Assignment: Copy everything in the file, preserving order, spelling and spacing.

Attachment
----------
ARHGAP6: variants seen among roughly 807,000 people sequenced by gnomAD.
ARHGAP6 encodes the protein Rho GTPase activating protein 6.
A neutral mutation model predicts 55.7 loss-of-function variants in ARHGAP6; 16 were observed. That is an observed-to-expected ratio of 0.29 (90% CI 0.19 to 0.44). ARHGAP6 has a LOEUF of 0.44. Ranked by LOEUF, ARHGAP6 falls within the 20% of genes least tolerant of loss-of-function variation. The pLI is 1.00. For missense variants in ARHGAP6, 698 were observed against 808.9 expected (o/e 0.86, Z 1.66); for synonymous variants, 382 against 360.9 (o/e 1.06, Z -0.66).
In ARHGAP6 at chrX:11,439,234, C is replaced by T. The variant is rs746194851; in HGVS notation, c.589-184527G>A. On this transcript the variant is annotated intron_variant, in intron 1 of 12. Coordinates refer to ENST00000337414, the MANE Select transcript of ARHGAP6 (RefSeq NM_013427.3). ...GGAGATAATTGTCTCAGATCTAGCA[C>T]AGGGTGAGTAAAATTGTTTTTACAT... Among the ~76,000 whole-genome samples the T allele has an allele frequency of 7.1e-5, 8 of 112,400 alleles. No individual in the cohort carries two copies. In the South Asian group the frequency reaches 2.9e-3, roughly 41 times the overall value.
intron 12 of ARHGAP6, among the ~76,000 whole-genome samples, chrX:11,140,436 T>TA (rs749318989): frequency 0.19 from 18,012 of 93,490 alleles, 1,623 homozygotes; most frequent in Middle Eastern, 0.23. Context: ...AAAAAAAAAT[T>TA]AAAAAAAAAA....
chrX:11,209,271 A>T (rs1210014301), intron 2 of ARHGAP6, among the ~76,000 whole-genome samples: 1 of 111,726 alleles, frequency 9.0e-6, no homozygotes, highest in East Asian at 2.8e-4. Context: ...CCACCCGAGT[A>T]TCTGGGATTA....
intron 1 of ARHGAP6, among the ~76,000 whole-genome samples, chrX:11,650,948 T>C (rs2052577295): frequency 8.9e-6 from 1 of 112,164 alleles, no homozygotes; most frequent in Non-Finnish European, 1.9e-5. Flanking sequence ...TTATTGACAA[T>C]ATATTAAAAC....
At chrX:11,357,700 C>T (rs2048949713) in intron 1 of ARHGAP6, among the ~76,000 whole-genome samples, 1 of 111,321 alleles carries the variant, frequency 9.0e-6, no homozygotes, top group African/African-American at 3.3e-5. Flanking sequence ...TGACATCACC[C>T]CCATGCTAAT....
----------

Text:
ARHGAP6: variants seen among roughly 807,000 people sequenced by gnomAD.
ARHGAP6 encodes the protein Rho GTPase activating protein 6.
A neutral mutation model predicts 55.7 loss-of-function variants in ARHGAP6; 16 were observed. That is an observed-to-expected ratio of 0.29 (90% CI 0.19 to 0.44). ARHGAP6 has a LOEUF of 0.44. Ranked by LOEUF, ARHGAP6 falls within the 20% of genes least tolerant of loss-of-function variation. The pLI is 1.00. For missense variants in ARHGAP6, 698 were observed against 808.9 expected (o/e 0.86, Z 1.66); for synonymous variants, 382 against 360.9 (o/e 1.06, Z -0.66).
In ARHGAP6 at chrX:11,439,234, C is replaced by T. The variant is rs746194851; in HGVS notation, c.589-184527G>A. On this transcript the variant is annotated intron_variant, in intron 1 of 12. Coordinates refer to ENST00000337414, the MANE Select transcript of ARHGAP6 (RefSeq NM_013427.3). ...GGAGATAATTGTCTCAGATCTAGCA[C>T]AGGGTGAGTAAAATTGTTTTTACAT... Among the ~76,000 whole-genome samples the T allele has an allele frequency of 7.1e-5, 8 of 112,400 alleles. No individual in the cohort carries two copies. In the South Asian group the frequency reaches 2.9e-3, roughly 41 times the overall value.
intron 12 of ARHGAP6, among the ~76,000 whole-genome samples, chrX:11,140,436 T>TA (rs749318989): frequency 0.19 from 18,012 of 93,490 alleles, 1,623 homozygotes; most frequent in Middle Eastern, 0.23. Context: ...AAAAAAAAAT[T>TA]AAAAAAAAAA....
chrX:11,209,271 A>T (rs1210014301), intron 2 of ARHGAP6, among the ~76,000 whole-genome samples: 1 of 111,726 alleles, frequency 9.0e-6, no homozygotes, highest in East Asian at 2.8e-4. Context: ...CCACCCGAGT[A>T]TCTGGGATTA....
intron 1 of ARHGAP6, among the ~76,000 whole-genome samples, chrX:11,650,948 T>C (rs2052577295): frequency 8.9e-6 from 1 of 112,164 alleles, no homozygotes; most frequent in Non-Finnish European, 1.9e-5. Flanking sequence ...TTATTGACAA[T>C]ATATTAAAAC....
At chrX:11,357,700 C>T (rs2048949713) in intron 1 of ARHGAP6, among the ~76,000 whole-genome samples, 1 of 111,321 alleles carries the variant, frequency 9.0e-6, no homozygotes, top group African/African-American at 3.3e-5. Flanking sequence ...TGACATCACC[C>T]CCATGCTAAT....